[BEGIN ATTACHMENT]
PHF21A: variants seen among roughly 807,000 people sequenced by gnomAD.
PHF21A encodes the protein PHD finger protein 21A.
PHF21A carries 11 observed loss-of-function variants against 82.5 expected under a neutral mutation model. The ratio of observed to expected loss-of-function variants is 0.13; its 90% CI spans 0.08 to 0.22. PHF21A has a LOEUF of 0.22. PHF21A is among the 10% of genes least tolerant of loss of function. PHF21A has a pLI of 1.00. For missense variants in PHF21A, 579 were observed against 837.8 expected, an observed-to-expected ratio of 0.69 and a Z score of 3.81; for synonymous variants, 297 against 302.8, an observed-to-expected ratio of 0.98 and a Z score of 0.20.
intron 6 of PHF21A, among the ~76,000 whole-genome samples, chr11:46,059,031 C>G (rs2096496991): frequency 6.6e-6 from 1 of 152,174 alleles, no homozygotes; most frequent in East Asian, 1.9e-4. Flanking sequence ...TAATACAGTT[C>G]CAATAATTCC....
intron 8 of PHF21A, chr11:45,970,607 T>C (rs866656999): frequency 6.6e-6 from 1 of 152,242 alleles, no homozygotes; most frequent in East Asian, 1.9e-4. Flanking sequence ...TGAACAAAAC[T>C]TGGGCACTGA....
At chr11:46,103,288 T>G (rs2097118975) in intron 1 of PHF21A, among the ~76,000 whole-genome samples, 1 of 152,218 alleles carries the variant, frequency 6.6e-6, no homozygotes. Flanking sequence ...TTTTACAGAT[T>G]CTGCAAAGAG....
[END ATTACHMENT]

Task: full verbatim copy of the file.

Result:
PHF21A: variants seen among roughly 807,000 people sequenced by gnomAD.
PHF21A encodes the protein PHD finger protein 21A.
PHF21A carries 11 observed loss-of-function variants against 82.5 expected under a neutral mutation model. The ratio of observed to expected loss-of-function variants is 0.13; its 90% CI spans 0.08 to 0.22. PHF21A has a LOEUF of 0.22. PHF21A is among the 10% of genes least tolerant of loss of function. PHF21A has a pLI of 1.00. For missense variants in PHF21A, 579 were observed against 837.8 expected, an observed-to-expected ratio of 0.69 and a Z score of 3.81; for synonymous variants, 297 against 302.8, an observed-to-expected ratio of 0.98 and a Z score of 0.20.
intron 6 of PHF21A, among the ~76,000 whole-genome samples, chr11:46,059,031 C>G (rs2096496991): frequency 6.6e-6 from 1 of 152,174 alleles, no homozygotes; most frequent in East Asian, 1.9e-4. Flanking sequence ...TAATACAGTT[C>G]CAATAATTCC....
intron 8 of PHF21A, chr11:45,970,607 T>C (rs866656999): frequency 6.6e-6 from 1 of 152,242 alleles, no homozygotes; most frequent in East Asian, 1.9e-4. Flanking sequence ...TGAACAAAAC[T>C]TGGGCACTGA....
At chr11:46,103,288 T>G (rs2097118975) in intron 1 of PHF21A, among the ~76,000 whole-genome samples, 1 of 152,218 alleles carries the variant, frequency 6.6e-6, no homozygotes. Flanking sequence ...TTTTACAGAT[T>G]CTGCAAAGAG....